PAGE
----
The trip to Paris, during which Moushumi presents a paper, is also a difficult time. Gogol feels out of place in this part of his wife’s life. He does not know Europe, he has never been there before, and he can be only a tourist—just as he was long ago, as a teenager, with his family in Delhi. Moushumi, as Gogol fears, feels at home in Paris, and some part of her longs to be there still, in its beautiful streets, speaking French and spending time at cafes. An important indicator of Gogol’s slow rupture from Moushumi is her smoking. At first, he finds it appealing, mysterious, cosmopolitan. But as time goes on, he notices that her smoking continues—that she is unwilling to abandon it. Gogol comes to view the habit as one of Moushumi’s affectations.

Indeed, affectation becomes an important issue in this chapter. Gogol feels he must “pretend” around Moushumi’s friends. He is not interested in the same things as they are. Gogol, for one, doesn’t real care about baby names, and he doesn’t want to live in Brooklyn. The problem, of course, is that Gogol doesn’t really know what he wants instead. He still believes that he loves Moushumi, and he is devoted to her and to their marriage. But he finds himself frustrated by the feeling that she is not, and will never be, entirely “his.” There is a part of her temperamental make-up that is comfortable with Donald and Astrid, with their cares and concerns. Moushumi is “in” that group, and Gogol is not.

Moushumi’s revelation, that Gogol changed his name from Gogol, is an important one for several reasons. First, she does this without consulting with her husband. It is as though Gogol’s life is another subject for conversation among those in the group. Gogol feels that Moushumi doesn’t care about him as an individual, and this episode worries him. He wonders whether Moushumi is embarrassed for having wound up with another Bengali-American man, who wanted so desperately to “fit in” with society that he changed his own name.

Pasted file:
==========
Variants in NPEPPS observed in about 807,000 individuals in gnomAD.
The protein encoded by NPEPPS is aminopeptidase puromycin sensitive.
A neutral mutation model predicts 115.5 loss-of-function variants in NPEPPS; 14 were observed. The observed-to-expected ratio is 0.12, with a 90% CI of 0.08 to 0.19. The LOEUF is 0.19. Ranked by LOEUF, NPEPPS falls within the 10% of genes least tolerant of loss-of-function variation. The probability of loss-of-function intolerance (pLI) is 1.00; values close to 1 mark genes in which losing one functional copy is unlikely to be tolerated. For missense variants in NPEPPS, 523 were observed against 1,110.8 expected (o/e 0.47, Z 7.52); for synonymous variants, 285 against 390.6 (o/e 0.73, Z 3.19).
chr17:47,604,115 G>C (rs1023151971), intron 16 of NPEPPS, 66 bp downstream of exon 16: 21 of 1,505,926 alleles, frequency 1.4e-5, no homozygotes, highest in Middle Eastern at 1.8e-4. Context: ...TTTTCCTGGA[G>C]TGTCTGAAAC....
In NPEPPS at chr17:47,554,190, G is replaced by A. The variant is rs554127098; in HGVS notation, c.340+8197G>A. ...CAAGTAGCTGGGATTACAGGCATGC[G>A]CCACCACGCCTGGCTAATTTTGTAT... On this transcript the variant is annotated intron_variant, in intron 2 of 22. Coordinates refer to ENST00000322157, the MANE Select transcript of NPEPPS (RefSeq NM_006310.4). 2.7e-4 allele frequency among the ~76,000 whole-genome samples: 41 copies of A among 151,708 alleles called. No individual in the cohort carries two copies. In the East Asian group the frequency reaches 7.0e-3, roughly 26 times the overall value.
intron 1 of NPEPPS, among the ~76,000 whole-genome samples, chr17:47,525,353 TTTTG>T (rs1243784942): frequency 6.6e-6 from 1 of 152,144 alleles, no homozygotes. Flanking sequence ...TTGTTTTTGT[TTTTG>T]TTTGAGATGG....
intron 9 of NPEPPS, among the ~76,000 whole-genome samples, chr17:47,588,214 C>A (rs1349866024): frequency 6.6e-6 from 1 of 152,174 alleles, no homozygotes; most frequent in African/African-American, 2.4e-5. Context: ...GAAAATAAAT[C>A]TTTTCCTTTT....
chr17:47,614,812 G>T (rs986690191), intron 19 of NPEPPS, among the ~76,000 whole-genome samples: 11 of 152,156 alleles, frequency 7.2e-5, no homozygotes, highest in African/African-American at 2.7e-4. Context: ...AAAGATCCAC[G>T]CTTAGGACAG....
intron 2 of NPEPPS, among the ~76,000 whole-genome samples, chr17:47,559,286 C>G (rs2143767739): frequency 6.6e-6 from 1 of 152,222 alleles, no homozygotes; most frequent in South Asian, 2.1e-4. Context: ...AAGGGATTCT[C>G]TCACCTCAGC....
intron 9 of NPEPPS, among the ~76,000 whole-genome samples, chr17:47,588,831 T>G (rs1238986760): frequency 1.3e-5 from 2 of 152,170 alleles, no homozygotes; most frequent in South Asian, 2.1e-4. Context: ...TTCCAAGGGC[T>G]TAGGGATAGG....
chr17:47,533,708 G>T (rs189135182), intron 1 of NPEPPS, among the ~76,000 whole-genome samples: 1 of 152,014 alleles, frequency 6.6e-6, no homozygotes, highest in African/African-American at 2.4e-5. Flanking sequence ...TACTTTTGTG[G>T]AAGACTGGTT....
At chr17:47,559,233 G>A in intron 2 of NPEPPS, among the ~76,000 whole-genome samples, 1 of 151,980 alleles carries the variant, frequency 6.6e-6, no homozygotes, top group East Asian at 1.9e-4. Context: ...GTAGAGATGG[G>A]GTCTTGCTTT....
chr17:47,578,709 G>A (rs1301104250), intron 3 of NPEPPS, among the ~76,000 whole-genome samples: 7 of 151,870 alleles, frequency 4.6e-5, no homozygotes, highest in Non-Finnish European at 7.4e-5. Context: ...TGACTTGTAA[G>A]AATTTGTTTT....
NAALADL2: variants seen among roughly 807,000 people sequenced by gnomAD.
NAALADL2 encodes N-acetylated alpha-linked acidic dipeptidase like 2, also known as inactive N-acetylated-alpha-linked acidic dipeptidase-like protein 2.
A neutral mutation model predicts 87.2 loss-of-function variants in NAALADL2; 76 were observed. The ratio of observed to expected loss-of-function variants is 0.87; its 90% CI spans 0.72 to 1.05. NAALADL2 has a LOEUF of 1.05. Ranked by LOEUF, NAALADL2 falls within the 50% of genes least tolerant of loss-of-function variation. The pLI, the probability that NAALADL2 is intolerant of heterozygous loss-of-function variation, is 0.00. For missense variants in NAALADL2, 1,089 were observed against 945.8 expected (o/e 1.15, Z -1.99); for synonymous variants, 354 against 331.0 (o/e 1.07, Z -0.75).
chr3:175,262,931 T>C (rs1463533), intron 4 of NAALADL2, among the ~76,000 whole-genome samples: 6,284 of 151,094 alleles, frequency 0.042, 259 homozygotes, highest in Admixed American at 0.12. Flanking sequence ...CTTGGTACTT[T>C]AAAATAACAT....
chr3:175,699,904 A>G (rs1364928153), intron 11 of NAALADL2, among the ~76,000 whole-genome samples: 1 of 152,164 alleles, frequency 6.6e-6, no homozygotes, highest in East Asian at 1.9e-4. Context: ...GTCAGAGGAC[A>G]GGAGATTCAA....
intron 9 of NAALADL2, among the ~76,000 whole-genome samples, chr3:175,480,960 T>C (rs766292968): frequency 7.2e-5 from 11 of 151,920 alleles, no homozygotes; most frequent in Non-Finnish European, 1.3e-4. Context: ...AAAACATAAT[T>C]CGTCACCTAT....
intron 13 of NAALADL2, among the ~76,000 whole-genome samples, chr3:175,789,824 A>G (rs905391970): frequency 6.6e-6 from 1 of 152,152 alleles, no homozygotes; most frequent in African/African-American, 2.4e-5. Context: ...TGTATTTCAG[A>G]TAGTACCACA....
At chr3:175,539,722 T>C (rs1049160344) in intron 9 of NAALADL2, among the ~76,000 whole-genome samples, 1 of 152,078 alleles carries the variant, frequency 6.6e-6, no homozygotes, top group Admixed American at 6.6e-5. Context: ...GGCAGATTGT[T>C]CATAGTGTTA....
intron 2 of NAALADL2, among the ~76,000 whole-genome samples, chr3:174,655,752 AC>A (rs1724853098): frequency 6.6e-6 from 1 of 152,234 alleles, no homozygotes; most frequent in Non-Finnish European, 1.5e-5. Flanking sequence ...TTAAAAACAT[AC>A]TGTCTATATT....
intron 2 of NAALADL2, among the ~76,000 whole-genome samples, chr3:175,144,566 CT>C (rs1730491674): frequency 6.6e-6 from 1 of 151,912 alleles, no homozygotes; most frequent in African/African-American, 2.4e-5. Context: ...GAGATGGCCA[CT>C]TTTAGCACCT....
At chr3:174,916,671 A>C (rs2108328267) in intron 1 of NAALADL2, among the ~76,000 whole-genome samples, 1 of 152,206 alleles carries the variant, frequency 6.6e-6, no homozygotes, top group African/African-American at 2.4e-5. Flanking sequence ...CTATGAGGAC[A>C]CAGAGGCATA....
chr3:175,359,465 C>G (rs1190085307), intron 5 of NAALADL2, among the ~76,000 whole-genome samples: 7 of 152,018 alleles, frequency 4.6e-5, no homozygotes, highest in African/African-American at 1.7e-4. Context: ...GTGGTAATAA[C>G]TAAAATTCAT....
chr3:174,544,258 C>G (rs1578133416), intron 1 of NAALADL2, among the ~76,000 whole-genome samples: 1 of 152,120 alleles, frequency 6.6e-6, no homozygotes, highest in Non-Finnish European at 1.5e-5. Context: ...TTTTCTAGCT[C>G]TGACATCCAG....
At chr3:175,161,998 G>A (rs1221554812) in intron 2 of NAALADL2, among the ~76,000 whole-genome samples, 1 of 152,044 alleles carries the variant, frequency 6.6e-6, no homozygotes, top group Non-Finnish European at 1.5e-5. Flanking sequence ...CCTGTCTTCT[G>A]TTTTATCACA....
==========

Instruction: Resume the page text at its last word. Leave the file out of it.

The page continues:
There is a profound irony in this scene, too. For Donald and Astrid pretend that they are open to everything, that they are culturally liberal people. But the group of Moushumi’s friends does not understand the motivation for Gogol changing his name. And they make subtle fun of his original name, Gogol, asking what possible connection the writer could have had to Gogol’s Bengali upbringing. Like Gerald and Lydia, who are perhaps more well-meaning than Donald and Astrid, the group of young Brooklyn cosmopolites has trouble accepting a culture that is not their own—even as they profess to be worldly. Lahiri thus uses this chapter to bring up one of the novel’s primary themes: “open” and “closed” mind-sets. Moushumi’s friends might think Gogol comes from a “closed” background, but their inability to understand the nature of his upbringing is itself an example of their closed-mindedness.